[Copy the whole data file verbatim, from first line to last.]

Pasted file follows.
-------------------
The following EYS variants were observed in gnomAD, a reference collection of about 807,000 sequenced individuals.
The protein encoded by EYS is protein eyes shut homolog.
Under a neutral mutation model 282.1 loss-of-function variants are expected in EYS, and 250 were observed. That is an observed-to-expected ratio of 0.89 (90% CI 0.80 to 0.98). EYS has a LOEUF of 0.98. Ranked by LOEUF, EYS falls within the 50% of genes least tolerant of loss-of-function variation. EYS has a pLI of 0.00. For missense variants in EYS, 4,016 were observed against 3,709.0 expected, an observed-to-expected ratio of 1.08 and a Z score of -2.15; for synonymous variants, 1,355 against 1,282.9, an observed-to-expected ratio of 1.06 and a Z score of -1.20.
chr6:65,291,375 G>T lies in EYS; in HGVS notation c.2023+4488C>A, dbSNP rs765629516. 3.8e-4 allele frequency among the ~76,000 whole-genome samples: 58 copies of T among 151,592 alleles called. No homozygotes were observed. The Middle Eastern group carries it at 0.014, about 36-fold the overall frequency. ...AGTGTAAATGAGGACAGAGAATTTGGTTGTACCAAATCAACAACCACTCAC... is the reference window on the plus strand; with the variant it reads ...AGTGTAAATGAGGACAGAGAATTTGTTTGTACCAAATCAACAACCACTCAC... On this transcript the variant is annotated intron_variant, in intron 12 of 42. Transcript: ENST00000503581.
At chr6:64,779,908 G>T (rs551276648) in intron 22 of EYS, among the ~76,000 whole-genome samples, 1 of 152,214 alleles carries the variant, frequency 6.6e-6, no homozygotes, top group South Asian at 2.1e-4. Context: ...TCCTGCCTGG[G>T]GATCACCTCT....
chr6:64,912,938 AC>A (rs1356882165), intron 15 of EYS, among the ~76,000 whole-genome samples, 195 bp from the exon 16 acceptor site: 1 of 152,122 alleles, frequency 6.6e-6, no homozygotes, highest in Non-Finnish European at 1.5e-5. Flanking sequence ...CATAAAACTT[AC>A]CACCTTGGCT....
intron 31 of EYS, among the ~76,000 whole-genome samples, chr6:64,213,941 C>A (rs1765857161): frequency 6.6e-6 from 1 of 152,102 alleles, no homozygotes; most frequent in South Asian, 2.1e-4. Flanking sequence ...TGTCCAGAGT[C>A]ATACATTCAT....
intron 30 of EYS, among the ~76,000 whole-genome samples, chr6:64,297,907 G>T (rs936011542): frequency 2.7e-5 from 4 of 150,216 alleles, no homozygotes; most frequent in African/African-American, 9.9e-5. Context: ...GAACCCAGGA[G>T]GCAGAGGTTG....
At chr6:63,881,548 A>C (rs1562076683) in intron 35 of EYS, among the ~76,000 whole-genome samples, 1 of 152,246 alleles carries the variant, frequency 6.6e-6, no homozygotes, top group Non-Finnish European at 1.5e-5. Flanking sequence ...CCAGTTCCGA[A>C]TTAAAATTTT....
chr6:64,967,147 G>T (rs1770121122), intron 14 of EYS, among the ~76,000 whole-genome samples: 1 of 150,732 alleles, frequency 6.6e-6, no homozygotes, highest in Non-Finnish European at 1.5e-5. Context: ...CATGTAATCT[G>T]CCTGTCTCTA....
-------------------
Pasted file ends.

The following EYS variants were observed in gnomAD, a reference collection of about 807,000 sequenced individuals.
The protein encoded by EYS is protein eyes shut homolog.
Under a neutral mutation model 282.1 loss-of-function variants are expected in EYS, and 250 were observed. That is an observed-to-expected ratio of 0.89 (90% CI 0.80 to 0.98). EYS has a LOEUF of 0.98. Ranked by LOEUF, EYS falls within the 50% of genes least tolerant of loss-of-function variation. EYS has a pLI of 0.00. For missense variants in EYS, 4,016 were observed against 3,709.0 expected, an observed-to-expected ratio of 1.08 and a Z score of -2.15; for synonymous variants, 1,355 against 1,282.9, an observed-to-expected ratio of 1.06 and a Z score of -1.20.
chr6:65,291,375 G>T lies in EYS; in HGVS notation c.2023+4488C>A, dbSNP rs765629516. 3.8e-4 allele frequency among the ~76,000 whole-genome samples: 58 copies of T among 151,592 alleles called. No homozygotes were observed. The Middle Eastern group carries it at 0.014, about 36-fold the overall frequency. ...AGTGTAAATGAGGACAGAGAATTTGGTTGTACCAAATCAACAACCACTCAC... is the reference window on the plus strand; with the variant it reads ...AGTGTAAATGAGGACAGAGAATTTGTTTGTACCAAATCAACAACCACTCAC... On this transcript the variant is annotated intron_variant, in intron 12 of 42. Transcript: ENST00000503581.
At chr6:64,779,908 G>T (rs551276648) in intron 22 of EYS, among the ~76,000 whole-genome samples, 1 of 152,214 alleles carries the variant, frequency 6.6e-6, no homozygotes, top group South Asian at 2.1e-4. Context: ...TCCTGCCTGG[G>T]GATCACCTCT....
chr6:64,912,938 AC>A (rs1356882165), intron 15 of EYS, among the ~76,000 whole-genome samples, 195 bp from the exon 16 acceptor site: 1 of 152,122 alleles, frequency 6.6e-6, no homozygotes, highest in Non-Finnish European at 1.5e-5. Flanking sequence ...CATAAAACTT[AC>A]CACCTTGGCT....
intron 31 of EYS, among the ~76,000 whole-genome samples, chr6:64,213,941 C>A (rs1765857161): frequency 6.6e-6 from 1 of 152,102 alleles, no homozygotes; most frequent in South Asian, 2.1e-4. Flanking sequence ...TGTCCAGAGT[C>A]ATACATTCAT....
intron 30 of EYS, among the ~76,000 whole-genome samples, chr6:64,297,907 G>T (rs936011542): frequency 2.7e-5 from 4 of 150,216 alleles, no homozygotes; most frequent in African/African-American, 9.9e-5. Context: ...GAACCCAGGA[G>T]GCAGAGGTTG....
At chr6:63,881,548 A>C (rs1562076683) in intron 35 of EYS, among the ~76,000 whole-genome samples, 1 of 152,246 alleles carries the variant, frequency 6.6e-6, no homozygotes, top group Non-Finnish European at 1.5e-5. Flanking sequence ...CCAGTTCCGA[A>C]TTAAAATTTT....
chr6:64,967,147 G>T (rs1770121122), intron 14 of EYS, among the ~76,000 whole-genome samples: 1 of 150,732 alleles, frequency 6.6e-6, no homozygotes, highest in Non-Finnish European at 1.5e-5. Context: ...CATGTAATCT[G>T]CCTGTCTCTA....